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  • Have necessary and relevant pieces of evidence, examples, or illustrations
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  • Be organized depending on the themes
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  • Offer insight on the relationship between your selected topic and the subject area
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  • Move from the general ideas or wider view to the specific focus of your research
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  • Expose the gap in the literature that your project, research, or study intends to fill
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  • Examine the past research in the area, highlighting the methodological and theoretical developments, areas of agreements, contentious or controversial areas, and essential studies
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  • Should be focused on your area or topic of interest
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  • States how the current work builds or responds to previous studies
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    Conclusion

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    Like normal academic papers, the conclusion should wrap up everything. It should:

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  • Provide a summary of the important points of the existing body of literature
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  • Establish a gap in the literature that supports the current study
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  • Evaluate the current state of the literature review
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  • Outline areas for future studies
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  • Illustrate how to overcome some of the limitations identified in the literature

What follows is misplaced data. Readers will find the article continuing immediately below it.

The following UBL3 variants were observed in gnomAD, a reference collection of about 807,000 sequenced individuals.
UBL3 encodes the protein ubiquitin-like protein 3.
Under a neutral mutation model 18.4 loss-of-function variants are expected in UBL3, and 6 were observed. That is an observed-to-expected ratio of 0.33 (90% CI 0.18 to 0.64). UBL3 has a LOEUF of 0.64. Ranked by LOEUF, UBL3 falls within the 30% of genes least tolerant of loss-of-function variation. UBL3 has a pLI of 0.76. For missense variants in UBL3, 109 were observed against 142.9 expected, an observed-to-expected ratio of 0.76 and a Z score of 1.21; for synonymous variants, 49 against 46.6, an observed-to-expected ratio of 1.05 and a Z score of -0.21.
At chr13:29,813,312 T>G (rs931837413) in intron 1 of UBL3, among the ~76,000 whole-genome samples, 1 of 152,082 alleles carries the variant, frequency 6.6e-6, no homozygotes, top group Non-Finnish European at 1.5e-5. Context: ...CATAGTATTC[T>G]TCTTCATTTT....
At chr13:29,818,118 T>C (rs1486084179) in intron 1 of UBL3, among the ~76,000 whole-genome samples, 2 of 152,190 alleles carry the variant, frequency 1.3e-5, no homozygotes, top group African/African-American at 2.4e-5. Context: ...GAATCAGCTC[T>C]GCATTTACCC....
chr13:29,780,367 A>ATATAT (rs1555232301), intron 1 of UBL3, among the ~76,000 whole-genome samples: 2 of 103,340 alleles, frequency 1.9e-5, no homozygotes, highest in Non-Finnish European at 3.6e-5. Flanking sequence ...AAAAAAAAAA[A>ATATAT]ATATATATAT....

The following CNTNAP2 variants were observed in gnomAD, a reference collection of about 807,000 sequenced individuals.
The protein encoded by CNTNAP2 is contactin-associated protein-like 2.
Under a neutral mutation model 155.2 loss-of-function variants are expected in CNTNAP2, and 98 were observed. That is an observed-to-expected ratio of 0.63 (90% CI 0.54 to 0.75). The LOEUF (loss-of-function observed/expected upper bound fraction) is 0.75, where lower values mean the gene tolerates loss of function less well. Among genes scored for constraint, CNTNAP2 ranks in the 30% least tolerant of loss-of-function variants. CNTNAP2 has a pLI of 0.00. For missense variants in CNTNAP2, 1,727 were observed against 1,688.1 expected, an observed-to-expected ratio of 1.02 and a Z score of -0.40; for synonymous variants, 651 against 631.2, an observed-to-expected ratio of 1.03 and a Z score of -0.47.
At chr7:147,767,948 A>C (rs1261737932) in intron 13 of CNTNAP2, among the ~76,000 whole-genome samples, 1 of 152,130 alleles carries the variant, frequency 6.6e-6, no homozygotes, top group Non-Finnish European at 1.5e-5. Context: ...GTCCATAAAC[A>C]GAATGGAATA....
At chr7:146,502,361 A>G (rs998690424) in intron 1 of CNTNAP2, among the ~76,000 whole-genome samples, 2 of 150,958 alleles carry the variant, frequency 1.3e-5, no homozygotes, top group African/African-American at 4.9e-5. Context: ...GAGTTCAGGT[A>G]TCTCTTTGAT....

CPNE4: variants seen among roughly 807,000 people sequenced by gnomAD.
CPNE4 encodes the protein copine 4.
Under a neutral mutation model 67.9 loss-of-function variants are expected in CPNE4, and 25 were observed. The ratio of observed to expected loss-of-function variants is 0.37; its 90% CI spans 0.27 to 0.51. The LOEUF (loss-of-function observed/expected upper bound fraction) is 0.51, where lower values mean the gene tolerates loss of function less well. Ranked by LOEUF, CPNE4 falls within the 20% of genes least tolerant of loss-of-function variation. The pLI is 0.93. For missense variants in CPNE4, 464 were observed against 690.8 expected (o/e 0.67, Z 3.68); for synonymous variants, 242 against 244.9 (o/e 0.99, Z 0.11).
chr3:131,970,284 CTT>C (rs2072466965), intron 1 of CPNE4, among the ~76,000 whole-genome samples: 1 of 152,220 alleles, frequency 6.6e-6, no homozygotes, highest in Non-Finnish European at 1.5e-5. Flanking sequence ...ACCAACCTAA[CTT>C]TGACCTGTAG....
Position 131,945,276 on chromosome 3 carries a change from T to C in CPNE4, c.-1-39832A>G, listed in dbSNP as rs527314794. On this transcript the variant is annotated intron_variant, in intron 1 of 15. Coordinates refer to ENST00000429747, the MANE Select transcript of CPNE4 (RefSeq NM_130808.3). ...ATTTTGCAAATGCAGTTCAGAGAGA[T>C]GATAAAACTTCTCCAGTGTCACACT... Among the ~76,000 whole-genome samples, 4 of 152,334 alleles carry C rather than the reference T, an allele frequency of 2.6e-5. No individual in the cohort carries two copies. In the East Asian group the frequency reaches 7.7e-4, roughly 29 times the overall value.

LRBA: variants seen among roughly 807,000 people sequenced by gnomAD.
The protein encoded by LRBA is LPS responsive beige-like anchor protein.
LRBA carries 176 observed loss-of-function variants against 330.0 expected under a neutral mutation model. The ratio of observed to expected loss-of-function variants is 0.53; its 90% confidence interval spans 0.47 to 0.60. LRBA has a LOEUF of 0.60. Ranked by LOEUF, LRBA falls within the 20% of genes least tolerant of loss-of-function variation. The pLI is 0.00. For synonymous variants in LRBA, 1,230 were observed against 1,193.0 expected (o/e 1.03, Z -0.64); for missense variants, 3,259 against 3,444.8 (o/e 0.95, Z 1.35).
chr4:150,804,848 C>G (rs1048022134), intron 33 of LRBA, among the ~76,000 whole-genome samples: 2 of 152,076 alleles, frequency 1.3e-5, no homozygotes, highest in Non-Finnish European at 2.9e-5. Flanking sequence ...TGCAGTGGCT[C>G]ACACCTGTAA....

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  • Link the research or study to the existing body of knowledge.
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    The conclusion summarizes what has emerged from the literature review and reiterates the conclusions.

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    Organization of Literature Review

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    You can organize the body of your literature review in different formats. Having a rough idea of the best strategy entirely depends on your choice, the research question, the length, and the scope of your literature review.

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    You can combine these strategies where necessary, especially if the literature review is longer.  For instance, you can adopt a thematic approach for your overall structure but take a chronological approach in discussing the themes.

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    Let’s explore the various organizational strategies you can use when writing a literature review.

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    Chronological

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    A literature review organized through the chronological approach entails writing about the materials depending on when they were published.

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    The chronological approach is the simplest to adopt when tracing the development of a topic through time.